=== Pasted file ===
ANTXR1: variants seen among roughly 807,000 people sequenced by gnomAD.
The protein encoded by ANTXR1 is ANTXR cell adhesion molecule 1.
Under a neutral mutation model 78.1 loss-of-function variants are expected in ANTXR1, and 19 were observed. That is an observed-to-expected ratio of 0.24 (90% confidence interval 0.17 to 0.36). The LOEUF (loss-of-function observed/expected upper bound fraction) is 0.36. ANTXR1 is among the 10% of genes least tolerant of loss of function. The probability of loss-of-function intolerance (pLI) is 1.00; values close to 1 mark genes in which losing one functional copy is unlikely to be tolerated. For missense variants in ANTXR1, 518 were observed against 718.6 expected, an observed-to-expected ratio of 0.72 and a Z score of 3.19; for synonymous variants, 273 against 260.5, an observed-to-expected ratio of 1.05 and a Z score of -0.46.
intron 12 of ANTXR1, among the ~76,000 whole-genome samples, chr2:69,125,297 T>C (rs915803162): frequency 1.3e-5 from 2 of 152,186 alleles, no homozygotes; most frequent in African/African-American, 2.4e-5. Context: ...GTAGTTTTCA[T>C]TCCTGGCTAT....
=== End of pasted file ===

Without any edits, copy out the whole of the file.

ANTXR1: variants seen among roughly 807,000 people sequenced by gnomAD.
The protein encoded by ANTXR1 is ANTXR cell adhesion molecule 1.
Under a neutral mutation model 78.1 loss-of-function variants are expected in ANTXR1, and 19 were observed. That is an observed-to-expected ratio of 0.24 (90% confidence interval 0.17 to 0.36). The LOEUF (loss-of-function observed/expected upper bound fraction) is 0.36. ANTXR1 is among the 10% of genes least tolerant of loss of function. The probability of loss-of-function intolerance (pLI) is 1.00; values close to 1 mark genes in which losing one functional copy is unlikely to be tolerated. For missense variants in ANTXR1, 518 were observed against 718.6 expected, an observed-to-expected ratio of 0.72 and a Z score of 3.19; for synonymous variants, 273 against 260.5, an observed-to-expected ratio of 1.05 and a Z score of -0.46.
intron 12 of ANTXR1, among the ~76,000 whole-genome samples, chr2:69,125,297 T>C (rs915803162): frequency 1.3e-5 from 2 of 152,186 alleles, no homozygotes; most frequent in African/African-American, 2.4e-5. Context: ...GTAGTTTTCA[T>C]TCCTGGCTAT....